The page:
As buyers become more sophisticated, so do marketers. The methods we use to enable our sales teams are evolving. Sales representatives now have to demonstrate value at every phase of the buyer’s journey. This is often done on the fly, based on needs discovered while mid-conversation with prospects.
Enabling your sales team may seem a bit daunting, but we’re here to tell you that you are capable of keeping up with this ever-changing system. In fact, it’s likely you’ve been doing this your whole life, and you don’t even know it. Think back to your first lemonade stand (and if you didn’t have a childhood lemonade stand, just play along).
Identify Your Target Audience
You and your best friend want to open a lemonade stand. First, some brainstorming is in order. Who are you really capable of convincing to purchase this lemonade? It’s a hot one, so joggers are going to be parched. Grandparents often have time and money to spare. Parents of teenagers are nostalgic. You suspect that when they see your lemonade stand, they will run, not walk, to pay you a visit and reminisce about the good ol’ days .
The same need to understand your audience holds true in marketing. Say you’re marketing a knowledge-management system. Who would truly benefit from your product? A human resources administrator looking to onboard new hires quickly and efficiently? A regional sales manager who wants to reduce the time spent answering the same question again and again? Identify your audience, and don’t waste your time and resources on leads that may be a dead end.
Help Customers Find You
You set up your lemonade stand, but you’re too smart to expect customers to arrive at your doorstep with no guidance. You scope out the neighborhood and identify three joggers, a mother and her teenage son walking a dog, and an elderly couple on a power walk. All tired, all hot, and all thirsty.
So, how do you get your potential customers to arrive at the conclusion that they need lemonade? You place signs advertising your stand where you know your potential customers will see them. They see your sign, and they are ready to talk to sales.
Of course, just creating brand awareness isn’t enough. Do you remember when your mother told you to clean your room as a child? Even though you had planned on cleaning your room, maybe you didn’t on the principle that you had just been told to do so.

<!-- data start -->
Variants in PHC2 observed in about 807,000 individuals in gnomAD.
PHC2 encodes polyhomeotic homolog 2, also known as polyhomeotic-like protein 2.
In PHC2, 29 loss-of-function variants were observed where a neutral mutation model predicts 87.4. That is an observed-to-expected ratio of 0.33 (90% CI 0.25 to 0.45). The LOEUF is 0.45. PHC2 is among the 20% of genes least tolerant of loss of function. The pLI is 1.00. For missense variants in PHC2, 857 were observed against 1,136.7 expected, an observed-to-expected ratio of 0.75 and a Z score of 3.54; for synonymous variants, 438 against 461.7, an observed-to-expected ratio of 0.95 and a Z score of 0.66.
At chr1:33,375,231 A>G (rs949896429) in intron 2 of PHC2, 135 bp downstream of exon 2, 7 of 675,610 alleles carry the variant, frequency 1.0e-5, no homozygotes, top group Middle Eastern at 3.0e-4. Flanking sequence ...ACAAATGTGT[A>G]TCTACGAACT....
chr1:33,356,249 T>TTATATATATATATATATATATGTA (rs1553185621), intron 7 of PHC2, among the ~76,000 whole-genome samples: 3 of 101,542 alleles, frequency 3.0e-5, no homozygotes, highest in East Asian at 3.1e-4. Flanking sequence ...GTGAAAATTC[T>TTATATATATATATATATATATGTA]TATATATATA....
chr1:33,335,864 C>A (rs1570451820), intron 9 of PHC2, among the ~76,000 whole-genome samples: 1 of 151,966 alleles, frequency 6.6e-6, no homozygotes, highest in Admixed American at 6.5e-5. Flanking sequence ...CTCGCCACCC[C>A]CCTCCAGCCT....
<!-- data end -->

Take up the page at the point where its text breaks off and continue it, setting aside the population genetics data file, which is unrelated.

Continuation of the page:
Well, the same rule applies to marketing.
A potential customer is more likely to turn into a paying customer when they believe the solution is their idea. So, how do you direct them to the conclusion that they need your product? Plant content where they can find it. Use blog posts, infographics, whitepapers, and so on to inform your audience of solutions to their problem, and that solution will lead them to you.
Know the Market
Tragedy has struck. Across the street, Suzy is setting up her own lemonade stand. Competition. How do you convince your potential customers that they don’t need just any lemonade… they need your lemonade?
You whip up a banner that reads, “Most Refreshing Lemonade in the Neighborhood.” You approach the joggers to inform them of the low-calorie nature of your lemonade, squeezed from organic lemons from the farmer’s market. You offer the mother and her teenage son a 10 cent discount because he is wearing the jersey of your favorite NFL team. You hand out fliers singing the praises of your unique lemonade.
In marketing, keep your enemies close and your friends closer. Know your competition, and know why your product is more efficient and accessible. Be aware of the unique needs of each potential customer, and tailor your pitch to be attractive to them.
Focus on the Customer Experience
Success. All of your potential customers are now real, paying customers. But the work doesn’t stop there. With each cup of lemonade, you include a list of tips for maximum lemonade enjoyment: add 2 spoonfuls of sugar, pair with cookies, etc. Your attention to your customers is so thorough through the entire buyer journey that you feel confident you have gained customers for life (or at least for as long as you are selling lemonade).
Ever walked into a store and been completely ignored by the sales representative? Did that representative appear annoyed when you asked questions about the suit you were considering? Were they rude? Chances are, you didn’t go back to that store. Ensure that your customer has a positive experience during every stage of their buyer experience. Be available to answer questions. Be creative in helping them solve their problems. Reach out to follow up, and continue to provide support even after you have secured them as a customer.
Of course, selling lemonade is a lot simpler than marketing your business. However, the same principles of attracting customers and building a successful sales experience apply. Companies who succeed in this will deliver the right content and tools to their representatives so that they can respond quickly and efficiently to the prospect’s needs and the evolving market.